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Sissy Farenthold lived a good life

Sissy Farenthold lived a good life

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Sissy Farenthold in 1968 became the 19th woman ever elected to the Texas House of Representatives, and the only woman among its 150 members sworn in for the 1969 legislative session.

Then 42, Mary Frances Tarlton “Sissy” Farenthold, a lawyer and mother of five, was elected from her birthplace of Corpus Christi. She soon was in some huge legislative fights, and ran for governor twice — in 1972 and 1974.

And, was runner-up for the Democratic vice-presidential nomination in 1972.

Sissy, so nicknamed because her older brother couldn’t pronounce “sister,” died peacefully, surrounded by family members at her home in Houston Sept. 26, six days short of her 95thbirthday on Oct. 6. She died of complications from Parkinson’s Disease.

She came from a family of lawyers and progressive leaders, and lived up to her heritage. She campaigned for equal rights for everyone — women, minorities, gays — and for sexual freedom, abortion rights, and quality education.

After attending Corpus Christi High School, Sissy graduated from The Hockaday School in Dallas; from Vassar College at 19 in 1946; and from The University of Texas School of Law in 1949, at 22 — one of three women in a class of 800.

The law school’s library is named for her grandfather, Benjamin Dudley Tarlton, a former Texas House member, chief justice of the 2nd Court of Civil Appeals in Fort Worth, and distinguished professor at the UT law school, 1904-1919.

In 1950, Sissy married George Edward Farenthold, a Belgian-born immigrant, linguist, and World War II Army Air Corps veteran. Early in their marriage, she had five children in five years.

But not one to sit long on the sidelines, Sissy in the 1960s accepted a series of appointments and jobs in Corpus Christi. She served on the Corpus Christi Roman Catholic Deanery, the Corpus Christi Human Relations Commission, and as director of Nueces County Legal Aid.

She fought a legal battle to protect unrestricted shoreline views in Corpus Christi, and helped establish the Organization for the Protection of an Unblemished Shoreline.

In 1968, a group of friends and local activists invited Sissy to run for the Democratic nomination for the House. She beat two men in the primary, and then unseated Republican incumbent Charles Scoggins in the general election.

In the state House, Sissy teamed with the only woman in the Texas Senate, Barbara Jordan of Houston, to co-sponsor the Equal Legal Rights Amendment to the Texas Constitution.

Though only re-elected to the House for one more term, in 1970, Sissy nonetheless became significant in Texas politics. In January of 1971, the lid blew off Texas government.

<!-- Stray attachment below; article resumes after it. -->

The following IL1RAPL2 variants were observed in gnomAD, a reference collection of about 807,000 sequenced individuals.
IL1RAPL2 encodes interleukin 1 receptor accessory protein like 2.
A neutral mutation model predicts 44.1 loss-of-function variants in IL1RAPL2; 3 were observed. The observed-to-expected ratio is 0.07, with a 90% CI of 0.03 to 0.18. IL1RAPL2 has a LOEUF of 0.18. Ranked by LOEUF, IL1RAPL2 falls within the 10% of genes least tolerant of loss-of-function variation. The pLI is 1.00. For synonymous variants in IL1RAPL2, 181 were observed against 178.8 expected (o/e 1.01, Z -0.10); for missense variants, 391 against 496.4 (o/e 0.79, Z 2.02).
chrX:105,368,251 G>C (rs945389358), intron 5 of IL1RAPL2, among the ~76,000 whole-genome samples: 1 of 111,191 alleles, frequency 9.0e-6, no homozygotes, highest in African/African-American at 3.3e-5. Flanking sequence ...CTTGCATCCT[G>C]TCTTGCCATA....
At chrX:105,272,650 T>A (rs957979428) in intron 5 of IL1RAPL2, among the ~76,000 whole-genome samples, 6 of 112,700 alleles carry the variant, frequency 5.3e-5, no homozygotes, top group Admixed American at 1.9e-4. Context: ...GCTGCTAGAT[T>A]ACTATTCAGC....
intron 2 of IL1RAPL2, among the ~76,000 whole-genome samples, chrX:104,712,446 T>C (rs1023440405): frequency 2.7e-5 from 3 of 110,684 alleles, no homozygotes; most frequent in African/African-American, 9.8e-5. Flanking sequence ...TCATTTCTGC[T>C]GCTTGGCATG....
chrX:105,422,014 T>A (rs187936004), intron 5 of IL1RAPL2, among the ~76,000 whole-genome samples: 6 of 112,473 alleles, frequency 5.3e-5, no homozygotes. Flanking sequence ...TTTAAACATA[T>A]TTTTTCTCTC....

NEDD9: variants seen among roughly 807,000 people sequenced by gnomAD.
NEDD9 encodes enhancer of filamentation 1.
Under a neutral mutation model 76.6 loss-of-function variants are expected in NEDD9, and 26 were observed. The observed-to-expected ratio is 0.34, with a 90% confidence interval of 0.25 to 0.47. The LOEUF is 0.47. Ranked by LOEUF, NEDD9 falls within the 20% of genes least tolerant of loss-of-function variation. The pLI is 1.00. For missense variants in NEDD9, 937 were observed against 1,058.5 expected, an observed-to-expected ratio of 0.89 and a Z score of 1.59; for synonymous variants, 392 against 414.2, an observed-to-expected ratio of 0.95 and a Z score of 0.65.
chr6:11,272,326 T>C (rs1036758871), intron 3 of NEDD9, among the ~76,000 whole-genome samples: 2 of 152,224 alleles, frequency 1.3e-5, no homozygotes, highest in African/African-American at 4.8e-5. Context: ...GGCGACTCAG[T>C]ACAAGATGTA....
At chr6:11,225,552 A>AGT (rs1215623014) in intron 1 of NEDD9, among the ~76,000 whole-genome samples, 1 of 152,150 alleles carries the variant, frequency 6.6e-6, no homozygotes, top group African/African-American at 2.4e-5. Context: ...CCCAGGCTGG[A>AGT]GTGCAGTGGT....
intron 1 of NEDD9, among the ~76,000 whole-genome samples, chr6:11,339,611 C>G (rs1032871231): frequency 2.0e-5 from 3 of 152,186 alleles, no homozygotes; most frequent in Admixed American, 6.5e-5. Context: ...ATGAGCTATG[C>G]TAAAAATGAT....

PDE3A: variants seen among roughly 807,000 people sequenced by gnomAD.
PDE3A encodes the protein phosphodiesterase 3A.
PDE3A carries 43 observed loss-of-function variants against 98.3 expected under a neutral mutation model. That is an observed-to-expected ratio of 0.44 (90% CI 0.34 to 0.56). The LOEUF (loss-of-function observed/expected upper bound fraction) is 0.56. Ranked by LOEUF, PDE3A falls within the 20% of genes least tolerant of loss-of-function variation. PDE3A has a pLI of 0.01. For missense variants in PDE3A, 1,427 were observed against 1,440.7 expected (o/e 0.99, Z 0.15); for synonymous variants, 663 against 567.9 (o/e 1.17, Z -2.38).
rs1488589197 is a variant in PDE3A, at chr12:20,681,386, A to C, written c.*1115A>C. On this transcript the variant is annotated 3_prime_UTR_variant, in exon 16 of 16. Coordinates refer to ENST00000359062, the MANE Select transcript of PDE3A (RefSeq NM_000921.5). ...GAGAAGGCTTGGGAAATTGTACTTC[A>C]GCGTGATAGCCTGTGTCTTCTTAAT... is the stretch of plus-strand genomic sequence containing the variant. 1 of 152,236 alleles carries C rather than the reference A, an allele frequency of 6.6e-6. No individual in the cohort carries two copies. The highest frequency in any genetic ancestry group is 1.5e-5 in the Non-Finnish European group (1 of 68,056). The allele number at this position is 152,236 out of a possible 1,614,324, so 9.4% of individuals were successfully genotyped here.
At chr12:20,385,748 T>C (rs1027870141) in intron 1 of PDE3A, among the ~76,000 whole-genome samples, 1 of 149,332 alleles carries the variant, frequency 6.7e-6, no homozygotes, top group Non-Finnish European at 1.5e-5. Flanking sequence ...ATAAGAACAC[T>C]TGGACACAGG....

It was revealed that Houston banker and developer Frank Sharp had engineered quick-profit stock deals in 1969 for top Texas politicians, including Gov. Preston Smith and House Speaker Gus Mutscher, to pass banking legislation Sharp wanted.

Farenthold and 20 other Democrats teamed up with nine Republican House members to call for investigation of what became known as the Sharpstown Stock Fraud and Banking Scandal. They were nicknamed “The Dirty Thirty,” though they grew to 35. Although a minority, they generated an enormous amount of publicity.

Mutscher eventually was indicted, and left as speaker.

That set the stage for Farenthold to run against Gov. Smith in the Democratic Primary.

Also running were Lt. Gov. and former House speaker Ben Barnes, and rancher and former House member Dolph Briscoe, who had run fourth in a crowded 1968 Democratic primary when Gov. John Connally was retiring.

Smith was badly tarnished by Sharpstown, and less so Barnes, because the Sharpstown bill had passed the Senate on his watch as presiding officer.

The primary results reflected the damage.

Smith got just 8.8%. Barnes, 17.9%. Sissy’s 27.9% trailed Briscoe’s 43.9%. In the runoff, Briscoe outpolled Sissy, 55.3% to 44.7.

Sissy, no longer a House member, decided to run Briscoe again in 1974. But the public passion had cooled by the primary. Briscoe got 67.4% to Sissy’s 28.7 – meaning no runoff.

Although she had run second in 1972 for the vice-presidential nomination to Missouri Sen. Thomas Eagleton to be Sen. George McGovern’s running mate, and was the first president of the National Women’s Political Caucus in 1973, Sissy’s 1974 loss to Briscoe was her last run for elective office.

In 1976, she became the first woman president of Wells College in New York. In 1980, she returned to Houston, where she taught law at Texas Southern University and the University of Houston.

She was involved with many progressive groups to improve the nation and the world, and traveled widely to combat nuclear proliferation, apartheid in Africa, get college women involved in politics, and numerous other efforts to make the world a better place.

Contact McNeely at

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